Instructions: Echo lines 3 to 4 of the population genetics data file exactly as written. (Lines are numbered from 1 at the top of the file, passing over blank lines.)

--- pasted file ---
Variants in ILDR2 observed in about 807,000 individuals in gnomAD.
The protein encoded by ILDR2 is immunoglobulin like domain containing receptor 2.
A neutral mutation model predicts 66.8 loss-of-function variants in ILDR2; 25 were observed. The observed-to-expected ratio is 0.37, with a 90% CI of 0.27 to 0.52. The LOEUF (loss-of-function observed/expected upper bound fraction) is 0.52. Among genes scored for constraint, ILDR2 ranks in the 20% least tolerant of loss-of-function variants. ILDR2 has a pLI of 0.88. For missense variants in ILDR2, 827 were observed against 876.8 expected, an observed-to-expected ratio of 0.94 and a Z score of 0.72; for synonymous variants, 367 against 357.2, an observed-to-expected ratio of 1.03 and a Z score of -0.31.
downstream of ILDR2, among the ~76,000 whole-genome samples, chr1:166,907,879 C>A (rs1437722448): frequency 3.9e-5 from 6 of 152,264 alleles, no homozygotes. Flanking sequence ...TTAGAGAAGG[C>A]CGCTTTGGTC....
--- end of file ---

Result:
A neutral mutation model predicts 66.8 loss-of-function variants in ILDR2; 25 were observed. The observed-to-expected ratio is 0.37, with a 90% CI of 0.27 to 0.52. The LOEUF (loss-of-function observed/expected upper bound fraction) is 0.52. Among genes scored for constraint, ILDR2 ranks in the 20% least tolerant of loss-of-function variants. ILDR2 has a pLI of 0.88. For missense variants in ILDR2, 827 were observed against 876.8 expected, an observed-to-expected ratio of 0.94 and a Z score of 0.72; for synonymous variants, 367 against 357.2, an observed-to-expected ratio of 1.03 and a Z score of -0.31.
downstream of ILDR2, among the ~76,000 whole-genome samples, chr1:166,907,879 C>A (rs1437722448): frequency 3.9e-5 from 6 of 152,264 alleles, no homozygotes. Flanking sequence ...TTAGAGAAGG[C>A]CGCTTTGGTC....